Difference between revisions of "How to add validation logic to HttpServletRequest"

Jump to: navigation, search
m (Approach)
Line 92: Line 92:
[[Category:OWASP Java Project]]
[[Category:OWASP Java Project]]
[[Category:OWASP Validation Project]]
[[Category:OWASP Validation Project]]

Revision as of 15:54, 27 February 2007


In a Java EE application, all user input comes from the HttpServletRequest object. Using the methods in that class, such as getParameter, getCookie, or getHeader, your application can get "raw" information directly from the user's browser. Everything from the user in the HttpServletRequest should be considered "tainted" and in need of validation and encoding before use.

So it would be nice if we could add validation to the HttpServletRequest object itself, rather than making separate calls to validation and encoding logic. This way, developers would get some validation by default. This article presents an approach to building validation into the HttpServletRequest object so that it is mandatory for developers to use the validated data.

Most projects have an "allow everything" approach to validation. What we want is a Positive security model that denies everything that's not explicitly allowed. So using this approach, you can start your project with a very restrictive set of allowed characters, and expand that only as necessary.


We're going to use a Java EE filter to wrap all incoming requests with a new class that extends HttpServletRequestWrapper, a utility class designed for just this type of application. Then all we have to do is override the specific methods that get user data and replace them with calls that do validation before returning data.

The first thing to do is to create the ValidatingHttpRequest. Note that this class calls a new custom method named "validate" that throws a ValidationException if anything goes wrong. You can do a lot in the validate method, including encoding the input before it's returned to the application.

   public class ValidatingHttpRequest extends HttpServletRequestWrapper {
       public ValidatingHttpRequest(HttpServletRequest request) {
       public String getParameter(String name) {
               HttpServletRequest req = (HttpServletRequest) super.getRequest();
               return validate( name, req.getParameter( name ) );
       // Danger - you can optionally allow getting the raw parameter
       public String getRawParameter( String name ) {
               HttpServletRequest req = (HttpServletRequest) super.getRequest();
               return req.getParameter( name );
       ... follow this pattern for getHeader(), getCookie(), etc...  
       ... specifically don´t forget getParameterValues() as this is used by frameworks like Struts to get the parameter values     
       // This is a VERY restrictive pattern alphanumeric < 20 chars
       // It's easy to make this a parameter for the filter and configure in web.xml
       private Pattern pattern = Pattern.compile("^[a-zA-Z0-9]{0,20}$");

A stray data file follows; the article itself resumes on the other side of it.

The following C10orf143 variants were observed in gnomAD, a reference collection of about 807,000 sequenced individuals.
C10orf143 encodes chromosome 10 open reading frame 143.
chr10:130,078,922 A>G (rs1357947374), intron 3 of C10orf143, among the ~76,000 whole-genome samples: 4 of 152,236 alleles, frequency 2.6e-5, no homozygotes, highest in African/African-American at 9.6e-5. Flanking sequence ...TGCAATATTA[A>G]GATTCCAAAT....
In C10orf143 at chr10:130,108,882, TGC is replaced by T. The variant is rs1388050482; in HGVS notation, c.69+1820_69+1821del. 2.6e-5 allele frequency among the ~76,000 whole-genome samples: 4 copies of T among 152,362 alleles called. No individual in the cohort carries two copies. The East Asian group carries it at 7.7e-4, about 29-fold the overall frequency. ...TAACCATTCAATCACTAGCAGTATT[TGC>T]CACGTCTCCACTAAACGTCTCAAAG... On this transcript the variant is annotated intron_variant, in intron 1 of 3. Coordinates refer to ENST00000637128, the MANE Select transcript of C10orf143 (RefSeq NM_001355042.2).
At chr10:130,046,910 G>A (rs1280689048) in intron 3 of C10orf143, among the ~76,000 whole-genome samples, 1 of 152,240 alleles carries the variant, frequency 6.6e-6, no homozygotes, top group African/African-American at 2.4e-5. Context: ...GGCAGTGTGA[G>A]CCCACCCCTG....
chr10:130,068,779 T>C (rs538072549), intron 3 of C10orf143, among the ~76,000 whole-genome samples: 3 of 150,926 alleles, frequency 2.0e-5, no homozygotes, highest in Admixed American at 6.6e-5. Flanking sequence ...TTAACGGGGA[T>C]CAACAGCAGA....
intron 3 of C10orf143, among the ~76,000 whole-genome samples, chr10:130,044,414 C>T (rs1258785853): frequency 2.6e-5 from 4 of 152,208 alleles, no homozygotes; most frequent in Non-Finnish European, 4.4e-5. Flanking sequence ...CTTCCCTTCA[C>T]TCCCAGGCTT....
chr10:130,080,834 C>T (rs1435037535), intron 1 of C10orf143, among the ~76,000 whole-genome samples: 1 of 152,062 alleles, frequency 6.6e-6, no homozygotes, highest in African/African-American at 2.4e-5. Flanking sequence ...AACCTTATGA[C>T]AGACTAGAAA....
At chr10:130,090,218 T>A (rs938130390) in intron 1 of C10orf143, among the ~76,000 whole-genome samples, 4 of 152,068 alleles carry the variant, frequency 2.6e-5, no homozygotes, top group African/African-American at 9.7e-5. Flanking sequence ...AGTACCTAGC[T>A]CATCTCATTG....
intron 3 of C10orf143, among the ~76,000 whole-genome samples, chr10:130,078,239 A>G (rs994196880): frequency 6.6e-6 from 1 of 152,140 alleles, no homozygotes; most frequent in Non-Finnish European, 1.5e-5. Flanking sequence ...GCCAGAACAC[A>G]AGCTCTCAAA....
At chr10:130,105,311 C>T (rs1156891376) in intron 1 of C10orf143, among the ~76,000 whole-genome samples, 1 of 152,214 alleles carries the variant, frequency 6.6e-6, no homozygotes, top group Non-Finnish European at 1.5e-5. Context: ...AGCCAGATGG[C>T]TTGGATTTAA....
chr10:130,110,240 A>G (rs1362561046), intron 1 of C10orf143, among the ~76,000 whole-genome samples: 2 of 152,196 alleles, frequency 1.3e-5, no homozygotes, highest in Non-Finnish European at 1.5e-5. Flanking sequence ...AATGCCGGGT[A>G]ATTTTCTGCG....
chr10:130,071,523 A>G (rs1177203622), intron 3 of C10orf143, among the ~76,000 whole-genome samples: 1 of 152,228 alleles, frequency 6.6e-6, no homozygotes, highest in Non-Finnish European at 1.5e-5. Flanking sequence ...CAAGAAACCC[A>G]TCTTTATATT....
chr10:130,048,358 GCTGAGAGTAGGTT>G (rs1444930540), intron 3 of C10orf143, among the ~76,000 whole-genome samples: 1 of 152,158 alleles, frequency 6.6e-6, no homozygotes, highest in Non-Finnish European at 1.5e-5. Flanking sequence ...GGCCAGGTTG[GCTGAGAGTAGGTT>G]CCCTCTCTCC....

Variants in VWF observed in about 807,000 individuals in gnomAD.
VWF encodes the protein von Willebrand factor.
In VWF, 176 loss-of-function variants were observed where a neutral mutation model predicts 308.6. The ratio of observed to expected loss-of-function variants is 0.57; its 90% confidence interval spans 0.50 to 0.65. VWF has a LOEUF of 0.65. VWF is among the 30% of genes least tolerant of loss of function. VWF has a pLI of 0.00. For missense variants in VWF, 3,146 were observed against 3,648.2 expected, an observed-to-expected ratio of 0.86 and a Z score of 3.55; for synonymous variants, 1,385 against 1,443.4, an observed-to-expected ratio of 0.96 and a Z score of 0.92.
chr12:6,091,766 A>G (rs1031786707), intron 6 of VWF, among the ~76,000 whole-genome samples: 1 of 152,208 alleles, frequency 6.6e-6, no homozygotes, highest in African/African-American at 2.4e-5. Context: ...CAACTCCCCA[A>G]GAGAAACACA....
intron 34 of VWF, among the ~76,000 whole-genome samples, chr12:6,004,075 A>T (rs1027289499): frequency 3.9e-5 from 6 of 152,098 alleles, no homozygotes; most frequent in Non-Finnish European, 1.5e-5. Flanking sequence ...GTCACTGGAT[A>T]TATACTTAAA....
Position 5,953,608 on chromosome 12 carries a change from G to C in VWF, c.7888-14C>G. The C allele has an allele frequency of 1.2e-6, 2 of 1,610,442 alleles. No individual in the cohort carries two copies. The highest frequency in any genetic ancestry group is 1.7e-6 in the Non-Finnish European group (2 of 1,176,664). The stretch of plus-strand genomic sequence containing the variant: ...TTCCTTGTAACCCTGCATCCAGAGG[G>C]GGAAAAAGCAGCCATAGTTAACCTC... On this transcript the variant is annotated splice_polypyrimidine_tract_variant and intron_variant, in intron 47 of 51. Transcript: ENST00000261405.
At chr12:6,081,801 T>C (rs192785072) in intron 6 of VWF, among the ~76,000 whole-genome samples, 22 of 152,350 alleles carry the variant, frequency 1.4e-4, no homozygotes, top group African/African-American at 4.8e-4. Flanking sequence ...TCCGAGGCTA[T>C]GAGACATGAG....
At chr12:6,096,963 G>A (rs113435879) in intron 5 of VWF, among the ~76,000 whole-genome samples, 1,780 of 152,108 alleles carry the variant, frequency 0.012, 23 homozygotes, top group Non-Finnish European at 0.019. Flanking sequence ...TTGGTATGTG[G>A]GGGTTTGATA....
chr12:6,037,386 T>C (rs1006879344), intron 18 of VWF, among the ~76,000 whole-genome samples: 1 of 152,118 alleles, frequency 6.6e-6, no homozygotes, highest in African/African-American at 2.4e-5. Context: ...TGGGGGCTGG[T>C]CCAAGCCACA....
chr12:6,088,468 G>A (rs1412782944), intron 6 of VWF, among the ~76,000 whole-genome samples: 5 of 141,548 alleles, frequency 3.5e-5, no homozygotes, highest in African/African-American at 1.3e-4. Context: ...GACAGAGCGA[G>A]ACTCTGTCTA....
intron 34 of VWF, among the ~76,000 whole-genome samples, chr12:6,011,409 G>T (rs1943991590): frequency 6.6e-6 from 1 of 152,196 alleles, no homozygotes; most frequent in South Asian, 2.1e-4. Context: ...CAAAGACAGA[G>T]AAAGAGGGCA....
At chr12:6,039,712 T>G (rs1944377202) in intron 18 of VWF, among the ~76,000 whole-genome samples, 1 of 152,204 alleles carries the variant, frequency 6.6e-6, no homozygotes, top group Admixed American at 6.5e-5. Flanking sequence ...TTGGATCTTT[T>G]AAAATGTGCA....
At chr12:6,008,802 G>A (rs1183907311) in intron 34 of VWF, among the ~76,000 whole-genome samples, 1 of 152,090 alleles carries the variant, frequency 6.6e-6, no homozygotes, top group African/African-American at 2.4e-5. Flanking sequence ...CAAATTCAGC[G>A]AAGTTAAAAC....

private String validate( String name, String input ) throws ValidationException {
               String canonical = canonicalize( input );  // always canonicalize first
               if ( !pattern.matcher( canonical ).matches() ) {
                       throw new ValidationException( "Improper format in " + name + " field";
               return HTMLEntityEncode( canonical );
       // Simplifies input to its simplest form to make encoding tricks more difficult
       private String canonicalize( String input ) {
               String canonical = sun.text.Normalizer.normalize( input, Normalizer.DECOMP, 0 );
               return canonical;
       // Return HTML Entity code equivalents for any special characters
       public static String HTMLEntityEncode( String input ) {
               StringBuffer sb = new StringBuffer();
               for ( int i = 0; i < input.length(); ++i ) {
                       char ch = input.charAt( i );
                       if ( ch>='a' && ch<='z' || ch>='A' && ch<='Z' || ch>='0' && ch<='9' ) {
                               sb.append( ch );
                       } else {
                               sb.append( "&#" + (int)ch + ";" );
               return sb.toString();

Then all we have to do is make sure that all the requests in our application get wrapped in our new wrapper. It's easy to implement with a Java EE filter.

   public class ValidationFilter implements Filter {
       public void doFilter(ServletRequest request, ServletResponse response, FilterChain chain) {
               chain.doFilter(new ValidatingHttpRequest( (HttpServletRequest)request ), response);

To add the filter to our application, all we have to do is put these classes on our application's classpath and then set up the filter in web.xml.


Now all requests will go through the filter, get validated, and throw an exception if there's a problem. You'll want to set up a handler for ValidationExceptions, so that they get handled properly. If ValidationException extends SecurityException, and you've set up a handler for SecurityException that logs out users who try to hack, you'll be well on your way to a secure application.